In one of the furthest corners of Bhutan lies Trashiyangtse, a former sub-district of Trashigang that was only established as a dzongkhag of its own in 1992. With sub-tropical and alpine forests as far as the eye can see, the town and its surrounding countryside is ideal for exploring by foot. Trashiyangtse is also an ethnically and culturally diverse district whose inhabitants include some of Bhutan’s indigenous dwellers, such as the Yangtseps, Tshanglas, Bramis, Khengpas and Kurtoeps.
Known officially as Gomphu Kora — gomphu denoting a sacred meditation site for Guru Rinpoche and kora meaning ‘circumamabulation’ — this temple overlooks the Dangme Chhu river in Trashiyangtse. Set against a lush green fields backdrop, its yellow roof and red-robed monks make for a picture-perfect scene.
Built in 1740 by Lama Ngawang Lodrö, the grandson of Zhabdrung Ngawang Namgyal, the unifier of Bhutan as a nation-state, the temple was erected to subdue a demon believed to have been living onsite. Taking 12 years to construct, its spherical design was inspired by the Bodhnath stupa in Nepal.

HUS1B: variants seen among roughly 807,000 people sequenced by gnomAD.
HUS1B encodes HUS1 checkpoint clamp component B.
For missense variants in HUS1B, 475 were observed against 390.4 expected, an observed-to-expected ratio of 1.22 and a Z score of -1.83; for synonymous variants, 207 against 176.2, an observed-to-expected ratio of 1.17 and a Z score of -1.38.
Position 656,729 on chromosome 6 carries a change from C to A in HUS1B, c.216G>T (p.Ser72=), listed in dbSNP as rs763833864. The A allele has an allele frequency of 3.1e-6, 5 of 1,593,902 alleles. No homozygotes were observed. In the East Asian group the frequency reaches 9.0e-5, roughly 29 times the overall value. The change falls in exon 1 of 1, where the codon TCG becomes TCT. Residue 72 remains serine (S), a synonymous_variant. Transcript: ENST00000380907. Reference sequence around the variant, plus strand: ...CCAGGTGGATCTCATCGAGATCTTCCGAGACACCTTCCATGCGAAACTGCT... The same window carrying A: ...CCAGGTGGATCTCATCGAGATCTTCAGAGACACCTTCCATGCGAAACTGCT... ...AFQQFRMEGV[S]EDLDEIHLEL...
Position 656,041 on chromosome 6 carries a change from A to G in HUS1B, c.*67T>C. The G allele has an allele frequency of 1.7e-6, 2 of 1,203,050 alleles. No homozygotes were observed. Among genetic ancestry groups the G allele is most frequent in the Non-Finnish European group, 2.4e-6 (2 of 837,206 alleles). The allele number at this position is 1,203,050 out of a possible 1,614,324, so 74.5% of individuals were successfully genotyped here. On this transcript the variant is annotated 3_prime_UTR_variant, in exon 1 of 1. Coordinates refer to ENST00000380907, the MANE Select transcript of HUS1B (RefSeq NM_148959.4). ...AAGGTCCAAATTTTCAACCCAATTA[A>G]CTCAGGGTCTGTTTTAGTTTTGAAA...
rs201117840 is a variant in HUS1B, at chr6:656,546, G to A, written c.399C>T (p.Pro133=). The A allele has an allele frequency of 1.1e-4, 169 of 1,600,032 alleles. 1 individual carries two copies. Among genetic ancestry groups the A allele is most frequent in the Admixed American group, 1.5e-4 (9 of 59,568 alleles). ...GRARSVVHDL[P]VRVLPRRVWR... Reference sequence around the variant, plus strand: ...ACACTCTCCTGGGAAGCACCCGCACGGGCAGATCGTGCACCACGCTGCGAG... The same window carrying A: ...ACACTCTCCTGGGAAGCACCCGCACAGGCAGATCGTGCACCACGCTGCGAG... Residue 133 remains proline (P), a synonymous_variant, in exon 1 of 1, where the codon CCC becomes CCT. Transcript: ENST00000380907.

Spanning most of Trashiyangtse, the sanctuary is home to some 100 species of mammals, including endangered creatures like the snow leopard, royal Bengal tiger and red panda. Thanks to its 1,500 to 6,000m elevation, it gives visitors sprawling views of alpine lakes and Bumdeling Valley below. The sanctuary is also one of two wintering sites that support the black-necked cranes.